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Honey May Provide ‘Sweet Treatment' for Cough

Honey May Provide ‘Sweet Treatment' for Cough

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Dr. Kim Mulvihill reporting The cold and flu season is underway. But with pediatric cold and cough medicines off store shelves and under scrutiny, parents are scrambling for a solution.

One such solution is a very sweet treatment. How about trying a little honey?

According to a new study in the Archives of Pediatric and Adolescent Medicine, the children who got honey had less cough and better sleep, and the parents had better sleep too.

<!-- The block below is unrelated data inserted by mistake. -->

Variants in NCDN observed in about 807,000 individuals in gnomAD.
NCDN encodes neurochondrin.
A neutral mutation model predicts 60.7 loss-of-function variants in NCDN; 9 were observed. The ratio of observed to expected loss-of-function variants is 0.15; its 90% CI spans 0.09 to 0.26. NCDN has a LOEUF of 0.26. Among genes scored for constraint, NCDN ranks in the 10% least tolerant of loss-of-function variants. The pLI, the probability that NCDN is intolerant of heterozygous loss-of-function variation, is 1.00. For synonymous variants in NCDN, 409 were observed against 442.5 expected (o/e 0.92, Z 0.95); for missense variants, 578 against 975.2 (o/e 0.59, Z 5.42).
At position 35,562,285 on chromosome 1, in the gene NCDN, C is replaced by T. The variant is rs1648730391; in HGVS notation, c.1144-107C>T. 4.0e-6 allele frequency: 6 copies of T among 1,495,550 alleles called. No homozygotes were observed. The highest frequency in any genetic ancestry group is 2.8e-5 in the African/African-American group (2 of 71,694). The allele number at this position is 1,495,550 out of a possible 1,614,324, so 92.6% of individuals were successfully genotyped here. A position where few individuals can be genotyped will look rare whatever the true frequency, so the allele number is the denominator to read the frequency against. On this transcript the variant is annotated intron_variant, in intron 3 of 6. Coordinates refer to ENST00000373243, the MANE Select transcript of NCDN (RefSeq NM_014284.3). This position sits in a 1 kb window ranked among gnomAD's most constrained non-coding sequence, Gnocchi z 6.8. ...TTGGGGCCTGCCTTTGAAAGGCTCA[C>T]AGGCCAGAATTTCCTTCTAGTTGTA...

In a study funded by the honey industry, researchers gave sick children a dose of honey before bedtime. They found it was more effective than an over-the-counter cold medicine at calming a cough. How? A leading theory says honey can soothe the throat.

Honey also contains antioxidants. Studies show it may help fight disease causing germs, and the researchers say the darker the honey, the bigger the benefits.

But a big word of warning: honey should never ever be given to kids under the age of one. It has botulism spores and young children can absorb those spores and get very sick with botulism, which can be life-threatening.

Sounds scary, but doctors say honey is a safe alternative to ease a cough in kids two and older.

In this study scientists used Buckwheat Honey and gave kids two to five years old a half a teaspoon before bedtime. Children six to 11 took a full teaspoon, and older kids were given two teaspoons.

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